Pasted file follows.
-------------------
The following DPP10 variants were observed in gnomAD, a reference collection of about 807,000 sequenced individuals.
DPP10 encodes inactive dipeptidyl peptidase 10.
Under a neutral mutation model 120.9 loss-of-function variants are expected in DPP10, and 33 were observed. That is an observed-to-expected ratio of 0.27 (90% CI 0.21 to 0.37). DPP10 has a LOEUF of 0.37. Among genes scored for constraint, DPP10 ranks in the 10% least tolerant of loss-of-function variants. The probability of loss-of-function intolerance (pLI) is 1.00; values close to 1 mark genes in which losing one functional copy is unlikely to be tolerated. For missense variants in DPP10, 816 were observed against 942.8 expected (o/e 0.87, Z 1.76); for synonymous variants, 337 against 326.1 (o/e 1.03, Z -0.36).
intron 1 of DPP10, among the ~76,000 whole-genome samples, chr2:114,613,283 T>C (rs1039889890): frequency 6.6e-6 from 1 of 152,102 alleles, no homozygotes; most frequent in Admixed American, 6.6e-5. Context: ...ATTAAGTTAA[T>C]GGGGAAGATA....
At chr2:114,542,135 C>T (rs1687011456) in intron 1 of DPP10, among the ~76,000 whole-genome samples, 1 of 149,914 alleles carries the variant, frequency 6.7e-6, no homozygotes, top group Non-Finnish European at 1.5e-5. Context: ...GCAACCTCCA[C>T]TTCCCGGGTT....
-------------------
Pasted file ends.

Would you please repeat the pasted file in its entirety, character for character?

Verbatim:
The following DPP10 variants were observed in gnomAD, a reference collection of about 807,000 sequenced individuals.
DPP10 encodes inactive dipeptidyl peptidase 10.
Under a neutral mutation model 120.9 loss-of-function variants are expected in DPP10, and 33 were observed. That is an observed-to-expected ratio of 0.27 (90% CI 0.21 to 0.37). DPP10 has a LOEUF of 0.37. Among genes scored for constraint, DPP10 ranks in the 10% least tolerant of loss-of-function variants. The probability of loss-of-function intolerance (pLI) is 1.00; values close to 1 mark genes in which losing one functional copy is unlikely to be tolerated. For missense variants in DPP10, 816 were observed against 942.8 expected (o/e 0.87, Z 1.76); for synonymous variants, 337 against 326.1 (o/e 1.03, Z -0.36).
intron 1 of DPP10, among the ~76,000 whole-genome samples, chr2:114,613,283 T>C (rs1039889890): frequency 6.6e-6 from 1 of 152,102 alleles, no homozygotes; most frequent in Admixed American, 6.6e-5. Context: ...ATTAAGTTAA[T>C]GGGGAAGATA....
At chr2:114,542,135 C>T (rs1687011456) in intron 1 of DPP10, among the ~76,000 whole-genome samples, 1 of 149,914 alleles carries the variant, frequency 6.7e-6, no homozygotes, top group Non-Finnish European at 1.5e-5. Context: ...GCAACCTCCA[C>T]TTCCCGGGTT....